Losing Brogdon hurts, but the Bucks can reasonably expect to be similarly dominant this season. What also helps is the clearing out of the greatest obstacle in their way to the top.
With Kawhi Leonard in Los Angeles the Toronto Raptors will take a large step back next season. With Boston losing Al Horford and Brooklyn in a waiting year due to Kevin Durant’s injury, there is only one other true contender in the East other than the Bucks.
The Philadelphia 76ers are built like the Mon-Stars, with huge size at every position. They swapped J.J. Redick and Jimmy Butler out for Josh Richardson and Al Horford, adding Matisse Thybulle in the draft.
There is size everywhere on that team, and defensively they are equipped like no other team to slow down the Bucks.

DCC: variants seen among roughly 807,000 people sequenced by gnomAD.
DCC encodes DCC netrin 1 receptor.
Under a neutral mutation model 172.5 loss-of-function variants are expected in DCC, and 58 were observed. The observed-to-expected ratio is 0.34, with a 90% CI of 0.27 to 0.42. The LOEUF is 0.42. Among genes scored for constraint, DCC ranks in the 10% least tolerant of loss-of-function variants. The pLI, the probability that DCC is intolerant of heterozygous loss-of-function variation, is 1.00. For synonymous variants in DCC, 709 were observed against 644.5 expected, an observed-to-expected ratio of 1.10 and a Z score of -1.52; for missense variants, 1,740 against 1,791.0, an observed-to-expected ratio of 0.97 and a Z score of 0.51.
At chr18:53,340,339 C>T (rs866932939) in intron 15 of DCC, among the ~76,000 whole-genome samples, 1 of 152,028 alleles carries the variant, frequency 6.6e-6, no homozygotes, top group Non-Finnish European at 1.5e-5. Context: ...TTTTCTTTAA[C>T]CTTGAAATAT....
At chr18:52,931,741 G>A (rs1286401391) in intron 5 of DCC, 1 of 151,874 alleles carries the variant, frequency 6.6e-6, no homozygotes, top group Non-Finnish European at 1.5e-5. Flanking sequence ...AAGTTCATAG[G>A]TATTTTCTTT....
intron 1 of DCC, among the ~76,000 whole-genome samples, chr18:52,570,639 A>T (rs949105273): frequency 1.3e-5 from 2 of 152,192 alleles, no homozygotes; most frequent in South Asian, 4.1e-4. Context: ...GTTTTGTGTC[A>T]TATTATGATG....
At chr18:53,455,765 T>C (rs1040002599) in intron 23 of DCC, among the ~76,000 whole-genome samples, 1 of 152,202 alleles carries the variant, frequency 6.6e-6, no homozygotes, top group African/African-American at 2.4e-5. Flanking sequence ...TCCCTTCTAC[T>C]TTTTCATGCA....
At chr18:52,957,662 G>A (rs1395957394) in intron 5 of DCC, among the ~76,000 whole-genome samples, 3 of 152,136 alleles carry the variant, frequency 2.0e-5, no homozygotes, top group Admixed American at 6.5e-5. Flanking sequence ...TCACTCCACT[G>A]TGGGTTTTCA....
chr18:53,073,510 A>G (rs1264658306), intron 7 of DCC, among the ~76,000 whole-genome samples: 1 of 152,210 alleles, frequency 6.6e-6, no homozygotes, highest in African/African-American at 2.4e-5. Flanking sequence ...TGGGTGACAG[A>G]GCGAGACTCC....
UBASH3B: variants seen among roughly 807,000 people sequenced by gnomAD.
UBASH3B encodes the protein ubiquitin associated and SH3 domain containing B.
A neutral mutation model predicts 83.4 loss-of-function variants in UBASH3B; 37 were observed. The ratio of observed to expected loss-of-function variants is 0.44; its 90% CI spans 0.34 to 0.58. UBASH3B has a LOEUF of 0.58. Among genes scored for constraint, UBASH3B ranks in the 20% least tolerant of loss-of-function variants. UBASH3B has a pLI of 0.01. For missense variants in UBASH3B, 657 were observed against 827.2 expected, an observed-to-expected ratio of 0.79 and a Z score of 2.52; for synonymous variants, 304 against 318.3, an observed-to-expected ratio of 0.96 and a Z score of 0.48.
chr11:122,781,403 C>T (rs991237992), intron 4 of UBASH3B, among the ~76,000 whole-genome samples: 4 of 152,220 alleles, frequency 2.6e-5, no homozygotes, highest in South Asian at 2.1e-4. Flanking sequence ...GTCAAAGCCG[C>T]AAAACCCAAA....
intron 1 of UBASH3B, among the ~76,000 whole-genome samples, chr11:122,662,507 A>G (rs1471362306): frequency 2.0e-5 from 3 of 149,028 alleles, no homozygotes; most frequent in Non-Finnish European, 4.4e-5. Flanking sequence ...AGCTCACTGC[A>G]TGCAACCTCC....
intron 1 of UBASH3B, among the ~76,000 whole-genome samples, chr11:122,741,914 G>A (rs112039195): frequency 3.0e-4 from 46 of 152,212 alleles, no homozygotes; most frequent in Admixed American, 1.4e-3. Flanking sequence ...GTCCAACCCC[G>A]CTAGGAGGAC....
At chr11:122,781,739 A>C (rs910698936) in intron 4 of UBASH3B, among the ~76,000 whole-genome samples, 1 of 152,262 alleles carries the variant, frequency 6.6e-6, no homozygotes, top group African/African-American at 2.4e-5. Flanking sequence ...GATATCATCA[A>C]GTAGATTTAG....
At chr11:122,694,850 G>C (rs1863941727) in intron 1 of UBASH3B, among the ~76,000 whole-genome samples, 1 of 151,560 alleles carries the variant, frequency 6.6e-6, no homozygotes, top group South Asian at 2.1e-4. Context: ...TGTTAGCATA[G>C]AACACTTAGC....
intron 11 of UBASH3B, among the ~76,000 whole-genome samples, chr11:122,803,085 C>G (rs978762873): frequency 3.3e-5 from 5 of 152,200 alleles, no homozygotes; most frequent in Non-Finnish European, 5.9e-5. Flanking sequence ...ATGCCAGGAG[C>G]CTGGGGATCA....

Yet offensively the Sixers have serious questions, such as who is going to space the floor in a rotation mostly stocked with inside scorers. The Bucks have continuity on their side, while the Sixers are figuring out a new rotation.
Philadelphia will be a serious opponent, but the Bucks should be favored.
With the Western Conference stocked 10-deep with strong teams, no single team should feel confident emerging from their side of the bracket.
Both teams in Los Angeles look formidable, but the Utah Jazz, Houston Rockets, Denver Nuggets and Portland Trail Blazers all made moves to improve this summer. And everyone should count out the Golden State Warriors at their peril.
Given the jumble out West and the clear path in the East, the Milwaukee Bucks should be the title favorites next season. With the other contenders all swapping All-Stars like a game of Pit, the Bucks’ continuity should give them a leg up next year.
Most importantly, the Bucks employ the services of Giannis Antetokounmpo. At the end of the day, all the offseason moves around the league cannot change that fact.
With Giannis the Bucks are a title contender, and the summer may have unfolded in just the right way for them to be title winners as well.